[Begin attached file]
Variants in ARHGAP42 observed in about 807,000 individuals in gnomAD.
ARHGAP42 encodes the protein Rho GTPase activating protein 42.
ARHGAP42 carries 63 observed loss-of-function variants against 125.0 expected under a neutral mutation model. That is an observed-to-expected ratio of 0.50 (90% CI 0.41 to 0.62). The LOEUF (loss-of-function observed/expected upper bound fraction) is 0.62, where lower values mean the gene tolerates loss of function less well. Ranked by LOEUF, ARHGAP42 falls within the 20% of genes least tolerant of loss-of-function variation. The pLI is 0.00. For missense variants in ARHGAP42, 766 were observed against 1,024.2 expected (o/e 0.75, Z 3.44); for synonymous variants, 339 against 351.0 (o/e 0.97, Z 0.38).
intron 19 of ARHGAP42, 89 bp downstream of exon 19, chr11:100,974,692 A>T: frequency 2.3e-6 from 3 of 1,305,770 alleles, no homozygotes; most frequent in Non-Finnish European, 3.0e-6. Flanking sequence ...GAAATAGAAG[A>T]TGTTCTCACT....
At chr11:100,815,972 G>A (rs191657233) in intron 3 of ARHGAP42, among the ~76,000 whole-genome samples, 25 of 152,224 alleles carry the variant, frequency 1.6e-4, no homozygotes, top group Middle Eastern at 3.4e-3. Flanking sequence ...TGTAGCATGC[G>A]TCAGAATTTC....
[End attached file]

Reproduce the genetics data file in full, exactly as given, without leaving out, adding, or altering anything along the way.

Variants in ARHGAP42 observed in about 807,000 individuals in gnomAD.
ARHGAP42 encodes the protein Rho GTPase activating protein 42.
ARHGAP42 carries 63 observed loss-of-function variants against 125.0 expected under a neutral mutation model. That is an observed-to-expected ratio of 0.50 (90% CI 0.41 to 0.62). The LOEUF (loss-of-function observed/expected upper bound fraction) is 0.62, where lower values mean the gene tolerates loss of function less well. Ranked by LOEUF, ARHGAP42 falls within the 20% of genes least tolerant of loss-of-function variation. The pLI is 0.00. For missense variants in ARHGAP42, 766 were observed against 1,024.2 expected (o/e 0.75, Z 3.44); for synonymous variants, 339 against 351.0 (o/e 0.97, Z 0.38).
intron 19 of ARHGAP42, 89 bp downstream of exon 19, chr11:100,974,692 A>T: frequency 2.3e-6 from 3 of 1,305,770 alleles, no homozygotes; most frequent in Non-Finnish European, 3.0e-6. Flanking sequence ...GAAATAGAAG[A>T]TGTTCTCACT....
At chr11:100,815,972 G>A (rs191657233) in intron 3 of ARHGAP42, among the ~76,000 whole-genome samples, 25 of 152,224 alleles carry the variant, frequency 1.6e-4, no homozygotes, top group Middle Eastern at 3.4e-3. Flanking sequence ...TGTAGCATGC[G>A]TCAGAATTTC....